It happens every year. The weather gets warmer, more people use outdoor grills – and incidents of grill-caused fires go up. Each year, outdoor grilling causes an average of 8,900 home fires, according to the National Fire Protection Association.
Gas grills cause more home fires than charcoal grills, the association adds. According to the Hearth, Patio & Barbecue Association, 61 percent of households own a gas grill, 41 percent own a charcoal grill and 10 percent own an electric grill.
Regardless of the type of grill you own, here are 9 BBQ safety tips that will keep you and your home safe for barbecuing season:
1. Grill outside and away from any structures
Charcoal and gas grills are designed for outdoor use only. However, NFPA reports that more than one-quarter (27 percent) of home fires started by outdoor grills began in a courtyard, terrace or patio, and 29 percent started on an exterior balcony or open porch. Pay attention to overhanging tree branches when you set up your grill.
2. Make sure your grill is stable
Only set up your grill on a flat surface and make sure the grill can’t be tipped over. Consider using a grill pad or splatter mat underneath your grill to protect your deck or patio.
3. Keep your grill cleanRemove grease or fat buildup from both the grill and the tray below the grill. If you are using a charcoal grill, allow the coals to completely cool off before disposing of them in a metal container.
4. Check for propane leaks on your gas grill
Before the season’s first barbecue, check the gas tank hose for leaks by applying a light soap and water solution to the hose and then turning on the gas. If there is a propane leak, the solution will bubble. Other signs of a propane leak include the smell of gas near the barbecue or a flame that won’t light.
5. If the flame goes out, wait to re-light
If you are using a gas grill and the flame goes out, turn the grill and the gas off, then wait at least five minutes to re-light it.
6. Take care around the grill
Never leave a lit grill unattended. Don’t allow kids or pets to play near the grill. Never try to move a lit or hot grill, and remember the grill will stay hot for at least an hour after use.
7. Be careful with charcoal starter fluid
If you use a charcoal grill, only use charcoal starter fluid. If the fire starts to go out, don’t add any starter fluid or any other flammable liquids to the fire. Consider using a charcoal chimney starter, which uses newspaper to start the fire instead of starter fluid.
8. Wear the right clothing
Clothing can easily catch fire, so be sure your shirt tails, sleeves or apron strings don’t dangle over the grill.
9. Be ready to put out the fire
Have baking soda on hand to control a grease fire and a fire extinguisher nearby for other fires. If you don’t have a fire extinguisher, keep a bucket of sand next to the grill. Never use water to put out grease fire.
These easy-to-follow tips will help you and your family to enjoy a safe summer barbecuing season. For those grilling over an open fire, check out these fire pit do’s and don’ts to keep you and your guests safe.
Building a fire pit can be as simple as circling stones in your backyard or as complex as a professionally built unit on your patio. Either way, keep safety in mind. Here are some fire pit safety tips from ThisOldHouse and HGTV:
DO: Build your fire pit on a level surface
Make sure the ground or surface is even to reduce the risk of fire escaping beyond your fire pit.
DO: Keep the fire at a safe distance
To keep your fire from causing damage, build the fire pit at least 10 feet from your home, fences, trees and the like.
DON’T: Use gasoline or lighter fluid
Never use gasoline or kerosene to start your fire; such fuels can cause a fire to get out of control quickly. Instead, use dry wood as kindling that doesn’t extend beyond the edge of the pit.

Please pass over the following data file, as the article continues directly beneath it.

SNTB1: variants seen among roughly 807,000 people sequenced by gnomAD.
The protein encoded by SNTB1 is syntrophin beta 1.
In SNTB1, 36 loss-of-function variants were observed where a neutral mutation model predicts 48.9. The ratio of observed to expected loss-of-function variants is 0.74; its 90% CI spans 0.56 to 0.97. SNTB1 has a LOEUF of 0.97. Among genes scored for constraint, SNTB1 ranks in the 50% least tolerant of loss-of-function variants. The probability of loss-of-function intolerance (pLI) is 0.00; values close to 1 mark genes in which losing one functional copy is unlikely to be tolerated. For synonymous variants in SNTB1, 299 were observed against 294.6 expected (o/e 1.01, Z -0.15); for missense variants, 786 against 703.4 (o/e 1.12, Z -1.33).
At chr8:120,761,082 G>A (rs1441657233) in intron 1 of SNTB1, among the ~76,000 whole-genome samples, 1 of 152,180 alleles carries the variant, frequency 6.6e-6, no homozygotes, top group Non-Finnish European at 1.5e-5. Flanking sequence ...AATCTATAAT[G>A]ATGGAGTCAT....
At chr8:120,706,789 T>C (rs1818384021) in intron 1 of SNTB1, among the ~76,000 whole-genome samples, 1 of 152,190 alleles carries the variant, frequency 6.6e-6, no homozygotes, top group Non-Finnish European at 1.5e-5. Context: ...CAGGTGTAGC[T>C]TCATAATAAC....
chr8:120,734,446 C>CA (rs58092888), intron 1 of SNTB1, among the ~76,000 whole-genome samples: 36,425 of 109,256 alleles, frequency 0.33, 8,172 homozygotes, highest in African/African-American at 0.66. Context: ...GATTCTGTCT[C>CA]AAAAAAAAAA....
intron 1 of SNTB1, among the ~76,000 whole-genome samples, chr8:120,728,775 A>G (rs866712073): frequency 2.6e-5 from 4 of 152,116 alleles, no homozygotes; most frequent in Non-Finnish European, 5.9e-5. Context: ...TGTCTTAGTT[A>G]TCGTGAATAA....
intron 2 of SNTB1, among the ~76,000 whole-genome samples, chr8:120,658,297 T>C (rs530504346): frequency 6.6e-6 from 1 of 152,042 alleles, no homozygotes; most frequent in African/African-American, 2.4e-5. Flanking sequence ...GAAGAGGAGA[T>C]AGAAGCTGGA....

DO: Monitor guests around fire pits
Make sure guests maintain a proper distance and don’t exhibit risky behavior. Keep close tabs on children and pets.
DON’T: Build a fire pit with river stones
Smooth stones from river beds may have absorbed moisture over time and can heat rapidly and explode. Instead of river stones, build your fire pit with dry, rough stones.
DO: Check the weather report
Avoid using your fire pit on windy days, since flames or embers can spread to your home, yard and nearby trees.
DON’T: Leave a fire unattended
Even if your fire pit is small, flames can spread quickly if left unattended. Monitor at all times.
DO: Put your fire out safely
Once you extinguish your fire with water, gently stir and spread the ashes to cool. Leave only when they’re cool to the touch.
DO: Have an emergency plan
Keep a fire extinguisher, garden hose or bucket of sand close to douse the fire in case it gets out of hand. If you can’t put it out quickly, call 9-1-1.
These fire pit safety tips can help prevent unmanageable fires, injuries and more. If disaster does strike, home insurance can help you and your family when you need it most. Learn more about Sterling Peaks homeowners insurance coverage options today.
More than half (57%) of the respondents to a Nationwide Insurance survey said they know more about their favorite prime-time television show than they do about their insurance policy.
When asked to describe their insurance policy, consumers said it was too long (53%), complicated (43%), overwhelming (31%) and confusing (29%).
The survey also found:
Most insurance policyholders want a simple explanation of their policy with the details summarized on a single page.
Nationwide Insurance believes changes in insurance laws would make it easier for policies to be more simple and understandable. Such changes include:
Nationwide has already made changes to its products and services to simplify the insurance experience for its members, including:
The Simplification Study was conducted between February 22 and March 5, 2013. The respondents were comprised of 1,594 adults ages 18+ who currently own property and casualty insurance. Results are weighted as needed for age, sex, race/ethnicity, education, region and household income. Propensity score weighting was also used to adjust for respondents’ propensity to be online. Individuals for this research were selected from among those who have agreed to participate in Harris Interactive surveys. Because the sample is based on those who were invited to participate in the Harris Interactive online research panel, no estimates of theoretical sampling error can be calculated.